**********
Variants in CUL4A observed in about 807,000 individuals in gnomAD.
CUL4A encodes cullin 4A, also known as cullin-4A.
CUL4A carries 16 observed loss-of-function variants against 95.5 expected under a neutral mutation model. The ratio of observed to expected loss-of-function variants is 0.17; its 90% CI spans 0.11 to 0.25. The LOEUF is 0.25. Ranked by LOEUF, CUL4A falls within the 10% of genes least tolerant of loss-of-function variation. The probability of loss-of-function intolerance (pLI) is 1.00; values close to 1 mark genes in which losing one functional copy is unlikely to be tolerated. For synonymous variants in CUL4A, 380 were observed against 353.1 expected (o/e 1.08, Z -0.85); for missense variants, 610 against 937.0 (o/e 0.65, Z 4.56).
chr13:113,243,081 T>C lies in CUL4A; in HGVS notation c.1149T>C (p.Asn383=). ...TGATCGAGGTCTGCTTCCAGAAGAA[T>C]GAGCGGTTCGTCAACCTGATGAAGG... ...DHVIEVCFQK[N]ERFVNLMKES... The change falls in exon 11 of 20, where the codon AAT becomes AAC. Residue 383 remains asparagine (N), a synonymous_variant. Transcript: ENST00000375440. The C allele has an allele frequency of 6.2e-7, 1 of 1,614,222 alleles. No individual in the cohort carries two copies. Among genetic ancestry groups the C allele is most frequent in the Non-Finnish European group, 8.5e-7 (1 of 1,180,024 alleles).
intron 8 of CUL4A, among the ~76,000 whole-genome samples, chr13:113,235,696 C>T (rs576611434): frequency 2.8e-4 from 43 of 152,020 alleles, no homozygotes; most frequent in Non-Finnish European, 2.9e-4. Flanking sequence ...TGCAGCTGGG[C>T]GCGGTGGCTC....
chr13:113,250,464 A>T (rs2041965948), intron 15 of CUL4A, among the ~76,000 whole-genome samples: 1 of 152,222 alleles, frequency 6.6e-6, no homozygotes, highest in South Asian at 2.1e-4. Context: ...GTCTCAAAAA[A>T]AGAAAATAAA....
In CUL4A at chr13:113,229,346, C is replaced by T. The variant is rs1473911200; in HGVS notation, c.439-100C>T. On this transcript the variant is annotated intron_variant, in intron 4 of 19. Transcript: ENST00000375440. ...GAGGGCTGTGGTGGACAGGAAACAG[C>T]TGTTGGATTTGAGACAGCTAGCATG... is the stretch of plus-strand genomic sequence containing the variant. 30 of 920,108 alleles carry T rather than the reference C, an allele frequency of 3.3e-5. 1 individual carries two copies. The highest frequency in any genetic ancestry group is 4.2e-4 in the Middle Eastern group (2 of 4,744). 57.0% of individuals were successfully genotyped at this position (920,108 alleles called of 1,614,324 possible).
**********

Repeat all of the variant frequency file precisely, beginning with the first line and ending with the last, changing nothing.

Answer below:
Variants in CUL4A observed in about 807,000 individuals in gnomAD.
CUL4A encodes cullin 4A, also known as cullin-4A.
CUL4A carries 16 observed loss-of-function variants against 95.5 expected under a neutral mutation model. The ratio of observed to expected loss-of-function variants is 0.17; its 90% CI spans 0.11 to 0.25. The LOEUF is 0.25. Ranked by LOEUF, CUL4A falls within the 10% of genes least tolerant of loss-of-function variation. The probability of loss-of-function intolerance (pLI) is 1.00; values close to 1 mark genes in which losing one functional copy is unlikely to be tolerated. For synonymous variants in CUL4A, 380 were observed against 353.1 expected (o/e 1.08, Z -0.85); for missense variants, 610 against 937.0 (o/e 0.65, Z 4.56).
chr13:113,243,081 T>C lies in CUL4A; in HGVS notation c.1149T>C (p.Asn383=). ...TGATCGAGGTCTGCTTCCAGAAGAA[T>C]GAGCGGTTCGTCAACCTGATGAAGG... ...DHVIEVCFQK[N]ERFVNLMKES... The change falls in exon 11 of 20, where the codon AAT becomes AAC. Residue 383 remains asparagine (N), a synonymous_variant. Transcript: ENST00000375440. The C allele has an allele frequency of 6.2e-7, 1 of 1,614,222 alleles. No individual in the cohort carries two copies. Among genetic ancestry groups the C allele is most frequent in the Non-Finnish European group, 8.5e-7 (1 of 1,180,024 alleles).
intron 8 of CUL4A, among the ~76,000 whole-genome samples, chr13:113,235,696 C>T (rs576611434): frequency 2.8e-4 from 43 of 152,020 alleles, no homozygotes; most frequent in Non-Finnish European, 2.9e-4. Flanking sequence ...TGCAGCTGGG[C>T]GCGGTGGCTC....
chr13:113,250,464 A>T (rs2041965948), intron 15 of CUL4A, among the ~76,000 whole-genome samples: 1 of 152,222 alleles, frequency 6.6e-6, no homozygotes, highest in South Asian at 2.1e-4. Context: ...GTCTCAAAAA[A>T]AGAAAATAAA....
In CUL4A at chr13:113,229,346, C is replaced by T. The variant is rs1473911200; in HGVS notation, c.439-100C>T. On this transcript the variant is annotated intron_variant, in intron 4 of 19. Transcript: ENST00000375440. ...GAGGGCTGTGGTGGACAGGAAACAG[C>T]TGTTGGATTTGAGACAGCTAGCATG... is the stretch of plus-strand genomic sequence containing the variant. 30 of 920,108 alleles carry T rather than the reference C, an allele frequency of 3.3e-5. 1 individual carries two copies. The highest frequency in any genetic ancestry group is 4.2e-4 in the Middle Eastern group (2 of 4,744). 57.0% of individuals were successfully genotyped at this position (920,108 alleles called of 1,614,324 possible).